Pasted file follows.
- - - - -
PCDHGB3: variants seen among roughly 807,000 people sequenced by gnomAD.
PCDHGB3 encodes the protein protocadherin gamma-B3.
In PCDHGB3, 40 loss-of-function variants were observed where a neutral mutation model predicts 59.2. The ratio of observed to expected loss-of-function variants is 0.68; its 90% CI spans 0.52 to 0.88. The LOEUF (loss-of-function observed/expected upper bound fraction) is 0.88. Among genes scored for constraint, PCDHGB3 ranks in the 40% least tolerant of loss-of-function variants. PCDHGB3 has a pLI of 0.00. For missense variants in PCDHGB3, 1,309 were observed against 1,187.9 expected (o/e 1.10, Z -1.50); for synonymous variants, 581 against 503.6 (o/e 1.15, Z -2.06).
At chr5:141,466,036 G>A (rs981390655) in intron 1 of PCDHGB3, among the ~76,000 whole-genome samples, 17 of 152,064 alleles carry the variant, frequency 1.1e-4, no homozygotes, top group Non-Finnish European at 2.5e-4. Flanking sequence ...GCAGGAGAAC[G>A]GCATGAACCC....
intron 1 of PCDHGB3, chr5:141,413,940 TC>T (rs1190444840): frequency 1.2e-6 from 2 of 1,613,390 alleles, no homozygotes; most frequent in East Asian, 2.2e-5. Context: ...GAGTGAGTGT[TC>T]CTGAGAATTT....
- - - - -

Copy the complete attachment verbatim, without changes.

PCDHGB3: variants seen among roughly 807,000 people sequenced by gnomAD.
PCDHGB3 encodes the protein protocadherin gamma-B3.
In PCDHGB3, 40 loss-of-function variants were observed where a neutral mutation model predicts 59.2. The ratio of observed to expected loss-of-function variants is 0.68; its 90% CI spans 0.52 to 0.88. The LOEUF (loss-of-function observed/expected upper bound fraction) is 0.88. Among genes scored for constraint, PCDHGB3 ranks in the 40% least tolerant of loss-of-function variants. PCDHGB3 has a pLI of 0.00. For missense variants in PCDHGB3, 1,309 were observed against 1,187.9 expected (o/e 1.10, Z -1.50); for synonymous variants, 581 against 503.6 (o/e 1.15, Z -2.06).
At chr5:141,466,036 G>A (rs981390655) in intron 1 of PCDHGB3, among the ~76,000 whole-genome samples, 17 of 152,064 alleles carry the variant, frequency 1.1e-4, no homozygotes, top group Non-Finnish European at 2.5e-4. Flanking sequence ...GCAGGAGAAC[G>A]GCATGAACCC....
intron 1 of PCDHGB3, chr5:141,413,940 TC>T (rs1190444840): frequency 1.2e-6 from 2 of 1,613,390 alleles, no homozygotes; most frequent in East Asian, 2.2e-5. Context: ...GAGTGAGTGT[TC>T]CTGAGAATTT....